Lauren Woods

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Lauren Woods
Born
Kansas City, Missouri
Education
  • University of North Texas
  • MFA San Francisco Art Institute
Notable work
Dallas Drinking Fountain Project

(DIS)FIGURATIONS

(S)Port of San Francisco

Lauren Woods is an American artist who works with film, video, performance, and installation art that challenges the systems of oppression and power. She was raised in Dallas, Texas.[1] She is a visiting lecturer at Southern Methodist University.[2]

Woods holds undergraduate degrees from the University of North Texas and a 2006 Master of Fine Arts from the San Francisco Art Institute.[2] Her site-specific installation A Dallas Drinking Fountain Project gained national attention.[3][4][5] Her artwork has been exhibited both across the United States and internationally, including Washington D.C., San Francisco, Los Angeles, New York, Dallas, and Miami, as well as Puerto Rico, Taiwan, South Korea, Japan, Mali, and France.[2]

A Dallas Drinking Fountain Project[edit]

Wood's launched A Dallas Drinking Fountain Project in 2013. The work is installed in a drinking fountain in the Dallas County Records Building. When the button to activate the water fountain is pressed a clip of Civil Rights era protests is projected onto the fountain. The user is then made aware of the faded remains of the Jim Crow 'Whites Only' sign that was discovered above the fountain in 2003.[6]

The work drew attention to the history of segregation through intervention in a common space, something not possible off-site or in a museum. [7] The work was both celebrated for initiating discussion and critiqued for Woods' choice of historical clips.[8]

The project has fueled perspectives on the debate on Confederate statues, suggesting the sites be made into collaborative art-making spaces so as to better confront and address the United State's history of segregation. [9]

(DIS)FIGURATIONS[edit]

(S)Port of San Francisco[edit]

In her single-channel video piece, (S)Port of San Francisco, woods creates an "ethno-fictive" study by turning her camera on white responses to an African-American dance group performance on the Embarcadero in San Francisco. <ref> In an interview, woods has said that her work examines whiteness "through the platform of 'The Black Body' which is really a product of white psyche." In (S)Port, she zooms in on particular faces in the audience, slows down the speed, and adds a nostalgic musical fragment seemingly lifted from a midcentury Hollywood soundtrack, all of which creates a surreal landscape superimposed on the everyday scene. Here, the viewer can examine manifestations of this white psyche--'real' and/or 'imagined'--in the audience members' body language, and perhaps in the viewer herself.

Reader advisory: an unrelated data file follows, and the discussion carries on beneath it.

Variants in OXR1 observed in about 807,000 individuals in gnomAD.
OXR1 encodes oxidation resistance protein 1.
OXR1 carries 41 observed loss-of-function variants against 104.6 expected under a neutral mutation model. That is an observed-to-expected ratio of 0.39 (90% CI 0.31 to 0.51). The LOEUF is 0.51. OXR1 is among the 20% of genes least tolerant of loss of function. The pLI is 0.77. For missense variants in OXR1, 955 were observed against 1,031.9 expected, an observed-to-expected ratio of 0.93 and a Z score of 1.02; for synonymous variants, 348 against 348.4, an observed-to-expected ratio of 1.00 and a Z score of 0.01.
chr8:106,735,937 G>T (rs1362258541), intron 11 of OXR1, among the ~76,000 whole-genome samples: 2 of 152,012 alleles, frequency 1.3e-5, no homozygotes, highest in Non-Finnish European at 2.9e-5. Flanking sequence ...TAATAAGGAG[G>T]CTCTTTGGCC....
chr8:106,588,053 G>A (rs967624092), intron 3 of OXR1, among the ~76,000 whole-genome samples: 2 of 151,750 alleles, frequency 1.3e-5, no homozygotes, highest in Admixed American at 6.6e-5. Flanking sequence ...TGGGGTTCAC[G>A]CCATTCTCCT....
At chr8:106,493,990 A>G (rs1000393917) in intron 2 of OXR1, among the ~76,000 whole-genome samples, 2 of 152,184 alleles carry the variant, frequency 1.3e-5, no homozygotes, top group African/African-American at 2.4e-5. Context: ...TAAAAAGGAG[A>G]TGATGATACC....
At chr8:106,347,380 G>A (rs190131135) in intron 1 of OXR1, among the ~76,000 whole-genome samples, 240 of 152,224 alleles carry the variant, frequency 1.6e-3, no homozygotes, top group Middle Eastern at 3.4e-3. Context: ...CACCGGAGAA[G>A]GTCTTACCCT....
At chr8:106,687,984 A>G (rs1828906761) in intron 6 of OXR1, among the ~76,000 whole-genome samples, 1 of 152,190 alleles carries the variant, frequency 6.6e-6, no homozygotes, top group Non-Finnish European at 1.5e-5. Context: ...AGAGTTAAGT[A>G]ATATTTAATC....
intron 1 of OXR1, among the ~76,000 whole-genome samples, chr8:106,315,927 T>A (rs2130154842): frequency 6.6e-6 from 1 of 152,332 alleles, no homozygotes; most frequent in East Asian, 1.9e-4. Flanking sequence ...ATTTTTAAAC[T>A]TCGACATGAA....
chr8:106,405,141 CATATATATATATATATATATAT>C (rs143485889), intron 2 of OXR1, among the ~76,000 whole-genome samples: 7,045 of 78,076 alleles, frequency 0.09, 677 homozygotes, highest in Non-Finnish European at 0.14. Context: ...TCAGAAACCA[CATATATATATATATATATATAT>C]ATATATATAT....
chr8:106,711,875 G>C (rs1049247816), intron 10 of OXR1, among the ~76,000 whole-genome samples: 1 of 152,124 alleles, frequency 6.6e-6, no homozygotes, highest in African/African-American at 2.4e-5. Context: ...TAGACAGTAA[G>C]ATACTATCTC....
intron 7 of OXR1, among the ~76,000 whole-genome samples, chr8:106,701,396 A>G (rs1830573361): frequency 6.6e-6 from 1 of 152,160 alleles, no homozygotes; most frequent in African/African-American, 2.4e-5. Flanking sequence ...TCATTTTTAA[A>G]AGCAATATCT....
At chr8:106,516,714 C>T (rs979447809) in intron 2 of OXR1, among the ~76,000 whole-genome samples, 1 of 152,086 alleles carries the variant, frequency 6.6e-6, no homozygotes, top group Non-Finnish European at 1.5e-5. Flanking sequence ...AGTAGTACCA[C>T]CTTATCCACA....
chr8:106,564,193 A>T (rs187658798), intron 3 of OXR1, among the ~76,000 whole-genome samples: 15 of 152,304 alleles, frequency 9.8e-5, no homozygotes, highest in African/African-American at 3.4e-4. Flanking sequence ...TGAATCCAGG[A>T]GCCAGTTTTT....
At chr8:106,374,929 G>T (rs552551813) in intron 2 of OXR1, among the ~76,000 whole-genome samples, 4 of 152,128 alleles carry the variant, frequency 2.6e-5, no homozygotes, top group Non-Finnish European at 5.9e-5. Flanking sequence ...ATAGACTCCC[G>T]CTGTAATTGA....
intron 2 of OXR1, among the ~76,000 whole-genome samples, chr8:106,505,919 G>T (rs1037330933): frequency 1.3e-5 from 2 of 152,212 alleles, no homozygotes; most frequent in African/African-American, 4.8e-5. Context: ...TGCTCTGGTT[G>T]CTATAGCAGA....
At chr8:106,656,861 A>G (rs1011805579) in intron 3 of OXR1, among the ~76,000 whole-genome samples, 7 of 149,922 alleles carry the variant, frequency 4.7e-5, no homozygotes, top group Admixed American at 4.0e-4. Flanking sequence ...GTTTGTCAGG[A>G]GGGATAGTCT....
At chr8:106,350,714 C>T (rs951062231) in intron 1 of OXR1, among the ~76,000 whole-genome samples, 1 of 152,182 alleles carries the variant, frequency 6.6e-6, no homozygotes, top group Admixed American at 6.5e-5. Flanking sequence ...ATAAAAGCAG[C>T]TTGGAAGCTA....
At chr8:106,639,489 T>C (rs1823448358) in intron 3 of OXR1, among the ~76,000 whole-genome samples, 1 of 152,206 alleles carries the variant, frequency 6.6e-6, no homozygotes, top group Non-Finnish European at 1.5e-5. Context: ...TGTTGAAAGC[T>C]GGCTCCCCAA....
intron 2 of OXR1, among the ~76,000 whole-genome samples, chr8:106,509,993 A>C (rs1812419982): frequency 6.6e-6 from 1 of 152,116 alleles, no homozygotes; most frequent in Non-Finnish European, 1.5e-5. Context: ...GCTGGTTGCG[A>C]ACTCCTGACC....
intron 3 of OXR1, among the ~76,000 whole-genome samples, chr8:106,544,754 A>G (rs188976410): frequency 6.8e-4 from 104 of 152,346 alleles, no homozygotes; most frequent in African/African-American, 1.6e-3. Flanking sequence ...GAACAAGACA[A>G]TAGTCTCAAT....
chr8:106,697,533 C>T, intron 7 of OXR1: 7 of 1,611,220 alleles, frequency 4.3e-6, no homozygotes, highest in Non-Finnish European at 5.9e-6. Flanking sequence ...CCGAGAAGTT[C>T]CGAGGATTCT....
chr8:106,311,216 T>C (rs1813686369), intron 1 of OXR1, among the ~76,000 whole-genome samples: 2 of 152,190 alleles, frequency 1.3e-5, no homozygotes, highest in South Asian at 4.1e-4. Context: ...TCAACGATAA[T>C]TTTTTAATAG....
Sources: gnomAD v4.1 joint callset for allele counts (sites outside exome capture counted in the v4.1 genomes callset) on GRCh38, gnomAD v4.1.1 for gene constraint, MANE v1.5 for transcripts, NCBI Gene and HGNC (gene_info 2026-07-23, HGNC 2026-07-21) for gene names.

References[edit]

  1. ^ Hallock, Jeremy (15 September 2015). "10 Brilliant Dallas Women: Lauren Woods Uses Art to Tell the People's History of Dallas". Dallas Observer. Retrieved 30 March 2018.
  2. ^ a b c Lauren Woods, visiting lecturer, Southern Methodist University, retrieved 2018-02-24
  3. ^ "Experimental Documentaries: New Work by Lauren Woods & Amber Bemak". The Wild Detectives. Retrieved 30 March 2018.
  4. ^ Escobedo, Lee (17 January 2018). "A Dallas Drinking Fountain: Interview with Lauren Woods". Temporary Art Review. Retrieved 30 March 2018.
  5. ^ Bothwell, Anne (15 November 2013). "Friday Conversation: Artist Lauren Woods Turns A Public Drinking Fountain Into a Civil Rights Memorial". Art & Seek. Retrieved 30 March 2018.
  6. ^ Nicholson, Eric (2013-08-30). "Dallas County Is Turning Its "White Only" Water Fountain Into a Multimedia Art Installation". Dallas Observer. Retrieved 2018-03-24.
  7. ^ "A Dallas Drinking Fountain: Interview with lauren woods | Temporary Art Review". temporaryartreview.com. Retrieved 2018-03-24.
  8. ^ "When Art Takes Bodies, Dead or Alive, in Pursuit of Truth". D Magazine. Retrieved 2018-03-24.
  9. ^ "Let's Turn Our Confederate Monuments Into Collaborative Art Spaces". D Magazine. Retrieved 2018-03-24.